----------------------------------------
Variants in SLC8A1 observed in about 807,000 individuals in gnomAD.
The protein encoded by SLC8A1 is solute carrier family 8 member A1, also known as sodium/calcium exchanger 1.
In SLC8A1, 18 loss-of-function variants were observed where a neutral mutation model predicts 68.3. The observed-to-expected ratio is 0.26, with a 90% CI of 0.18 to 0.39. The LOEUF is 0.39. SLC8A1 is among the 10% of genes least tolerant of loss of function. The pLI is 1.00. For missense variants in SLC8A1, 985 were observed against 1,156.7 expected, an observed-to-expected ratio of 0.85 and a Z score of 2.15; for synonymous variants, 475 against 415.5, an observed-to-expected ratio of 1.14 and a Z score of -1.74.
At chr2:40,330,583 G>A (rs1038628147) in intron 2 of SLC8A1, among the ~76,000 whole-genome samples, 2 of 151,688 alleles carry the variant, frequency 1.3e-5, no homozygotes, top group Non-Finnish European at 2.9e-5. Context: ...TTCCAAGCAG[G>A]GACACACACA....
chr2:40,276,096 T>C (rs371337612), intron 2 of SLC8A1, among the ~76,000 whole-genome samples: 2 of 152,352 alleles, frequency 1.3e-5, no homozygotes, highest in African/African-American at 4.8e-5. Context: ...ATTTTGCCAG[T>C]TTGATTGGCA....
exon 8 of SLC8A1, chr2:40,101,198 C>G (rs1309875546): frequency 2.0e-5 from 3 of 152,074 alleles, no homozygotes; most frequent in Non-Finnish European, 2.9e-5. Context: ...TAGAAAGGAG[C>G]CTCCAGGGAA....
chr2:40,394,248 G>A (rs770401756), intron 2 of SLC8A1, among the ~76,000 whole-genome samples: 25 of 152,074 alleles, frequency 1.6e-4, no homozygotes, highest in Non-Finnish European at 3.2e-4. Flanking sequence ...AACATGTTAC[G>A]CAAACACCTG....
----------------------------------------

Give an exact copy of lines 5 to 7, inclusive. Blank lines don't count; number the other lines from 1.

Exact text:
chr2:40,276,096 T>C (rs371337612), intron 2 of SLC8A1, among the ~76,000 whole-genome samples: 2 of 152,352 alleles, frequency 1.3e-5, no homozygotes, highest in African/African-American at 4.8e-5. Context: ...ATTTTGCCAG[T>C]TTGATTGGCA....
exon 8 of SLC8A1, chr2:40,101,198 C>G (rs1309875546): frequency 2.0e-5 from 3 of 152,074 alleles, no homozygotes; most frequent in Non-Finnish European, 2.9e-5. Context: ...TAGAAAGGAG[C>G]CTCCAGGGAA....
chr2:40,394,248 G>A (rs770401756), intron 2 of SLC8A1, among the ~76,000 whole-genome samples: 25 of 152,074 alleles, frequency 1.6e-4, no homozygotes, highest in Non-Finnish European at 3.2e-4. Flanking sequence ...AACATGTTAC[G>A]CAAACACCTG....